The author’s new book, written in Italian and accompanied by English translation, is the result of an infatuation with Italy that began with her first visit in 1994. Here, the Pulitzer winner recounts her journey towards fluency, and answers our Q&A: The Guardian
“Returning to America, I want to go on speaking Italian. But with whom? I know some people in New York who speak it perfectly. I’m embarrassed to talk to them. I need someone with whom I can struggle and fail.
One day, I go to the Casa Italiana at New York University to interview a famous Roman writer, a woman, who has won the Strega prize. I am in an overcrowded room, where everyone but me speaks an impeccable Italian. The director of the institute greets me. I tell him I would have liked to do the interview in Italian. That I studied the language years ago but I can’t speak well.
“Need practising,” I say. “You need practice,” he answers kindly.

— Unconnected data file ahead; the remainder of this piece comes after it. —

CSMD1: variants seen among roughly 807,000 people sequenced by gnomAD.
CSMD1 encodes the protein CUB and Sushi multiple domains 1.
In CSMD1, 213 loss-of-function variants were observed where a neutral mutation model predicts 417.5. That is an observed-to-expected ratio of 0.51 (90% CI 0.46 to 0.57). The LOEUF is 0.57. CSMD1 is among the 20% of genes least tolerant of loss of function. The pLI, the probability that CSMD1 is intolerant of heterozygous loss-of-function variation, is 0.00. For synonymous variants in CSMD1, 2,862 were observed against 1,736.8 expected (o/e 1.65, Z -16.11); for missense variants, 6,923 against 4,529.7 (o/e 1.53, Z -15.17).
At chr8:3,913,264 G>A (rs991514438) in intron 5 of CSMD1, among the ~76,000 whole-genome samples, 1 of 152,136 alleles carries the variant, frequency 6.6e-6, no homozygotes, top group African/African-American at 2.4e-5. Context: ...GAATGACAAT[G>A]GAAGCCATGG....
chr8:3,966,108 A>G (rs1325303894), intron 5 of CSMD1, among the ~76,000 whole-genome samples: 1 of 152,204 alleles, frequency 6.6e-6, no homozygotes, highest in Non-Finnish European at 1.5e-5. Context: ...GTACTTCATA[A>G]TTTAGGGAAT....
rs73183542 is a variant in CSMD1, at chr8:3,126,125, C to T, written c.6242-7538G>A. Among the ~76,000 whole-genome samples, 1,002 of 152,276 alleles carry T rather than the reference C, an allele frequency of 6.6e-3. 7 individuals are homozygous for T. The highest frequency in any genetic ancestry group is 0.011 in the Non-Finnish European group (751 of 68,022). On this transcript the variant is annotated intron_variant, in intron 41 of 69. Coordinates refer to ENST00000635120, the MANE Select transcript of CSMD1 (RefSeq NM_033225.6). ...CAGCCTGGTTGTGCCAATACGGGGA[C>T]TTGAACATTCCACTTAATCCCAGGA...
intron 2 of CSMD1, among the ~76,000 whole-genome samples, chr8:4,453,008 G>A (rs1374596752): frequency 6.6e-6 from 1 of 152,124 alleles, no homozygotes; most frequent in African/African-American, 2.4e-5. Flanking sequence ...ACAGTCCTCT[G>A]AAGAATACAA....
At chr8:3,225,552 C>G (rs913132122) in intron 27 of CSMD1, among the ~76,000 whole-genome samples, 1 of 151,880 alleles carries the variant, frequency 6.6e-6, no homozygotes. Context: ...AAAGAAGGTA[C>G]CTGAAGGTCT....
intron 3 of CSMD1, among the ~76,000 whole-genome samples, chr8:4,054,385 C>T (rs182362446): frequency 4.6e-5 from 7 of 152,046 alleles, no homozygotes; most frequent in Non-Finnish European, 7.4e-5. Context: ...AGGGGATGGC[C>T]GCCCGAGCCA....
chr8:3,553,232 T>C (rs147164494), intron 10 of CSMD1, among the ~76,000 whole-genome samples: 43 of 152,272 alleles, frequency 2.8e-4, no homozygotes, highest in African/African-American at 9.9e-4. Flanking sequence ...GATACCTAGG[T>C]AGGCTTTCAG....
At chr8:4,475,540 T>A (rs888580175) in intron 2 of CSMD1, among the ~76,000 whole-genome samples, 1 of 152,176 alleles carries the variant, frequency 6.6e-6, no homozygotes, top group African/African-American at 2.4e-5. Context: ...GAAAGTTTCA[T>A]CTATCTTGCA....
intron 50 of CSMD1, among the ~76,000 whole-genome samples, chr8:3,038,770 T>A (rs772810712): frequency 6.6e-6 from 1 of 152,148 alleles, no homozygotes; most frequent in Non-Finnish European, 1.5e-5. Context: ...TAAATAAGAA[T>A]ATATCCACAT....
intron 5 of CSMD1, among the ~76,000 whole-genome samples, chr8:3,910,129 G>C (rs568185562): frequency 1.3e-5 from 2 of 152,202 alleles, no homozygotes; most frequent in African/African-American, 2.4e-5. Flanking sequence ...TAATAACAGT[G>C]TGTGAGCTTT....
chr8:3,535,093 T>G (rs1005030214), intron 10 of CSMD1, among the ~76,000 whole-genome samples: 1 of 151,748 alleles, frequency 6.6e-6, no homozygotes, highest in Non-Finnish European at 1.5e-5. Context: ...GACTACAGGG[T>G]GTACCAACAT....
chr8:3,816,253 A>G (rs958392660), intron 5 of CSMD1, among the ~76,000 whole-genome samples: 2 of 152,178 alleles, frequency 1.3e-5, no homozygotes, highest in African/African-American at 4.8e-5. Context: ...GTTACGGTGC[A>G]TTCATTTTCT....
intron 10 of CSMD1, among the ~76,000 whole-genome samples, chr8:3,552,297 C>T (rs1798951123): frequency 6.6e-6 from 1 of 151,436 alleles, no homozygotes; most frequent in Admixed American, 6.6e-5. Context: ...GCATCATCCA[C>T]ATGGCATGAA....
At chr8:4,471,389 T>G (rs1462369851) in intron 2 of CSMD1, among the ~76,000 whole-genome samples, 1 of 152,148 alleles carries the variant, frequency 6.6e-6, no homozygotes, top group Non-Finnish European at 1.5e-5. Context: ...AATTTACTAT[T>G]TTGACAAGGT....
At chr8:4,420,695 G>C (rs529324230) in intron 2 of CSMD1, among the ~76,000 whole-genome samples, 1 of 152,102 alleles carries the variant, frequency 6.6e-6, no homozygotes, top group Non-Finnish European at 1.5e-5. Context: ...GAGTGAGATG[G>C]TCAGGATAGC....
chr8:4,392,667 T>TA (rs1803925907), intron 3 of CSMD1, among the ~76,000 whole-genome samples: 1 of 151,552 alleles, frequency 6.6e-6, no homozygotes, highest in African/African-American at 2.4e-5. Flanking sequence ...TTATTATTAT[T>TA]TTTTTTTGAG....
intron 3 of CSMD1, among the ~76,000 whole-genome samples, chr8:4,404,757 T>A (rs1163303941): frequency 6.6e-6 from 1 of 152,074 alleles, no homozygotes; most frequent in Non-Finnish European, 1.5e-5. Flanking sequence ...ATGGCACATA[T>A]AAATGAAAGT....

In 2004, my husband gives me something. A piece of paper torn from a notice that he happened to see in our neighbourhood, in Brooklyn. On it is written “Imparare l’italiano”—“Learn Italian.” I consider it a sign. I call the number, make an appointment. A likable, energetic woman, also from Milan, arrives at my house. She teaches in a private school, she lives in the suburbs. She asks me why I want to learn the language. I explain that I’m going to Rome in the summer to take part in another literary festival. It seems like a reasonable motivation. I don’t reveal that Italian is an infatuation. That I cherish a hope – in fact a dream – of knowing it well. I don’t tell her that I am tortured, that I feel incomplete. As if Italian were a book that, no matter how hard I work, I can’t write.”